We're struggling to discover any good reason as to why Greenland White-front shouldn't have at least as decent a claim to full specific status as some of the dodgy passerine 'splits' of the modern era but, be that as it may, there don't appear to have been any previous claims of this form at Portland so today's nicely documented fly-bys at Ferrybridge were an excellent first for the island © Edmund Mackrill:

A brilliant display from the Redwings around the Obs Garden today was obviously replicated in the gardens around Southwell © Debby Saunders:

27th October

In common with what we've experienced throughout this autumn today didn't live up to its billing, with the sudden blast of raw northerly not delivering the pulse of thrushes, finches and the like that ought to have been on the cards. Departing Wood Pigeons - including 650 over the Bill - made up the bulk of the numbers, with only Chaffinches even slightly well represented amongst the also rans. Despite a lot of searching, quality didn't beyond the level of 2 Yellow-browed Warblers at Avalanche Road, a Ring Ouzel nearby and singles of Green Woodpecker and Woodlark at the Bill.

One of the handful of Bramblings that dropped in during the morning © Roger Hewitt:

26th October


A reminder that there's an In Focus field event at the Obs between 10am and 4pm tomorrow, 27th October.

We're very pleased to be able to announce the successful acquisition of another small parcel of land close to the Observatory. The two strips purchased at auction today supplement our purchase back in the summer of another 4 acres of this field that included the Obs Quarry itself.

An unusual day both weather and bird-wise. Squalls of heavy rain and thick cloud were interceded by periods of clear skies and strong wind. There appeared, at first glance, to have been a mass exodus of birds with very little moving overhead early on. However, a Barred Warbler in the first net round proved that at least something had slipped through in the night. The rest of the day proved an anti-climax with very little in the way of late autumn migrants with other highlights including a Lapland Bunting along the East Cliffs, a pair of Firecrests in the Obs Garden, a Yellow-browed Warbler at Penn Castle and the loitering pair of Ring Ouzels at the Verne. Other common migrants were limited to single figures.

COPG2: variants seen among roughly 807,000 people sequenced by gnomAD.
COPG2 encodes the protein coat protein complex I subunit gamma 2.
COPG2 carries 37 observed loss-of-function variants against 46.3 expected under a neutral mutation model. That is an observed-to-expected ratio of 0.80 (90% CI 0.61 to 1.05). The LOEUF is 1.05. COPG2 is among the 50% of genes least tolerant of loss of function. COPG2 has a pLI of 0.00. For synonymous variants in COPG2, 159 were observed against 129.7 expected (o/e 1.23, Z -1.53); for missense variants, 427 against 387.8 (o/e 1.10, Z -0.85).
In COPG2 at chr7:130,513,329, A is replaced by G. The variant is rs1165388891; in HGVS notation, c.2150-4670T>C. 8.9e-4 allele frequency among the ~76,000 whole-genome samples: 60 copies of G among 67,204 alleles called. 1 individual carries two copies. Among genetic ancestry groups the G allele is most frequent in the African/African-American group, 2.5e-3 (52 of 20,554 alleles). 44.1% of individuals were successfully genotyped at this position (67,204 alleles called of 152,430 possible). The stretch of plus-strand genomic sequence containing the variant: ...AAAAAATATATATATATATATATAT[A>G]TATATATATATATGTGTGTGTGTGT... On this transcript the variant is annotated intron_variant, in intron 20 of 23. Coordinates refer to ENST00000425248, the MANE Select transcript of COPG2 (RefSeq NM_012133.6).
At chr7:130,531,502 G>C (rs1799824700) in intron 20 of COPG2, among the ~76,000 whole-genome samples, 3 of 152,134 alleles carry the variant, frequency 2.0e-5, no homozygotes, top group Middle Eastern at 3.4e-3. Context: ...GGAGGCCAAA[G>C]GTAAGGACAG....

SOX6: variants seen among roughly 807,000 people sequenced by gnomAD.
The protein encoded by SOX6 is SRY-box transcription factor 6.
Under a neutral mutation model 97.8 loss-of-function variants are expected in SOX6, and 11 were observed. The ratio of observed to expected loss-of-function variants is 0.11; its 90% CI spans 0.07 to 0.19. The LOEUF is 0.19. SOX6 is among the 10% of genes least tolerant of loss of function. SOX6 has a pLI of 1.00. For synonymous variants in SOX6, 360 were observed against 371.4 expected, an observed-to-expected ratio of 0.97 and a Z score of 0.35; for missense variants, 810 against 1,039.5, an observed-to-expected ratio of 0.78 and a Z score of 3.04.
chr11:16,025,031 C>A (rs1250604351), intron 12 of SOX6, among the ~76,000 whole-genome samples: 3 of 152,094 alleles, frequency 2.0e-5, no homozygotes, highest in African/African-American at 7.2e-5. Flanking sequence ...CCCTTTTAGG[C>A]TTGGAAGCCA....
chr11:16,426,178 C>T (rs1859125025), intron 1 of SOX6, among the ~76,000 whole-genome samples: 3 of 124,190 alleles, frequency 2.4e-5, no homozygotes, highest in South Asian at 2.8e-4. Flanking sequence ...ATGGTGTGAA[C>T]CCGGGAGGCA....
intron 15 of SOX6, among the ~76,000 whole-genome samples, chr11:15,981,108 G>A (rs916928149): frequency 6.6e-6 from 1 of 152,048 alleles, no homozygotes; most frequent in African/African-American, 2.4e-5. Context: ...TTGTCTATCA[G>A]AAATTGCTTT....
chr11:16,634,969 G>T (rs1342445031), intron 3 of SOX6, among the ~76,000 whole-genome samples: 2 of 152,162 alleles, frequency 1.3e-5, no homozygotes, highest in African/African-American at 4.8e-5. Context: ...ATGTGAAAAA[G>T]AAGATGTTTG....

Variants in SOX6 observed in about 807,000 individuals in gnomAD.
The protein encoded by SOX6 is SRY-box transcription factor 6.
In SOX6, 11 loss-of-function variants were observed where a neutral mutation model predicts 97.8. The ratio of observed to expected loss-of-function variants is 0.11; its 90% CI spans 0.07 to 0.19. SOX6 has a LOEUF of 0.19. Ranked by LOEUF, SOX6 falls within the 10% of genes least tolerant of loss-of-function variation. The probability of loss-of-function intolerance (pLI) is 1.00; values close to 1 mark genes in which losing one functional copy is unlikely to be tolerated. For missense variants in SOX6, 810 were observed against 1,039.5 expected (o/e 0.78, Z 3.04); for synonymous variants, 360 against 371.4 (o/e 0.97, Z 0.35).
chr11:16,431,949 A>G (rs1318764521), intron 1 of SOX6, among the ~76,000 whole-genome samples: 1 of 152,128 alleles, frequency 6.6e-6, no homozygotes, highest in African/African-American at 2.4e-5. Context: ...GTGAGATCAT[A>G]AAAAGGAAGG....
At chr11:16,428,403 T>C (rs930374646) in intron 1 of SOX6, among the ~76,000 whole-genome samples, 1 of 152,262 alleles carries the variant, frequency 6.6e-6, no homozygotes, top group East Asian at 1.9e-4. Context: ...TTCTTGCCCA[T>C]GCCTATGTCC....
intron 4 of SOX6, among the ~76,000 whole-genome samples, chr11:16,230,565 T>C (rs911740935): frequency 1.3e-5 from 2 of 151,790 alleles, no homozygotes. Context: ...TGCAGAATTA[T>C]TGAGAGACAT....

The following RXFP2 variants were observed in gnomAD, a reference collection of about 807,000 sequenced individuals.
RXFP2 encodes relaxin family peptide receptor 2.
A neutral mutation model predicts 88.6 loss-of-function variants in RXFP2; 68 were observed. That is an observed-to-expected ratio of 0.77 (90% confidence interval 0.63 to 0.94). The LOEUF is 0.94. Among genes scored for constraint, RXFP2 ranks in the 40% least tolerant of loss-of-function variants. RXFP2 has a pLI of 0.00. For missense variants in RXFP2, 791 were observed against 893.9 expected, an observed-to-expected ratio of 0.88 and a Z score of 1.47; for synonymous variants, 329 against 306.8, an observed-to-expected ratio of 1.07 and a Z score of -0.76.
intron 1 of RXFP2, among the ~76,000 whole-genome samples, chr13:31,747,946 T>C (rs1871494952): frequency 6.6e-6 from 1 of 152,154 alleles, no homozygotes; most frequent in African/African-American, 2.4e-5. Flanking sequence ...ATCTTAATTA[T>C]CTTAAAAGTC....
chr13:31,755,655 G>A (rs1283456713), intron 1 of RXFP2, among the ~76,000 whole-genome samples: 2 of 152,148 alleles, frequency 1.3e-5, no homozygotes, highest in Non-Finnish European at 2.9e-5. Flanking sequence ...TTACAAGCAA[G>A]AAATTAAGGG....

The Barred Warbler trapped and ringed at the Obs early this morning © Martin Cade/Erin Taylor:

Some more Short-eared Owl action from recent days © Debby Saunders (top) and Paul Ward (bottom):

One of today's Ring Ouzels at the Verne © Trevor Wilkinson:

Despite this week's shift to clearer and much chillier nights mothing remains surprising productive with a decent variety of immigrants still on the wing. Last night's haul at the Obs included the second Cosmopolitan of the week and the 20th Radford's Flame Shoulder of the autumn but for us the highlight was two Oak Rustics - this recent colonisation of the South Coast has largely passed Portland by with our first and only other record occurring two years ago © Martin Cade:

25th October

The first day with some real cloud cover, however brief, produced some of the migrants we have been patiently waiting for. The first Dartford Warbler for the autumn (and only the second for the year) was out on the slopes, a lone Corn Bunting was located within the Crown Estate Field with a second individual at Barleycrates Lane and 6 Cattle Egrets in off the sea were an excellent addition to the year totals. Today also saw our share of the recent movement of Crossbills with a day total of 8 across the island. Other birds of note included: a Red-throated Diver east past the Bill, two Ring Ouzels, 4 Mistle Thrushes, good numbers of both Fieldfares and Redwings, two Black Redstarts, a single Firecrest at the Obs, 3 Yellow-browed Warblers across the island, small numbers of Siskins and Redpolls and a Yellowhammer in the stubble fields.

A huge thank you to all our observers in the field today for sending us some cracking records as well as the pictures to accompany them. Corn Bunting and Dartford Warbler © Joe Stockwell, Great Spotted Woodpecker © Pete Saunders, Short-eared Owl/Sparrowhawk dog fight and Stonechat © Debby Saunders: 

And thanks to Joe for a couple of recordings from the morning - a flock of Crossbills over the Obs and a snippet of the dawn migrant finch soundscape there: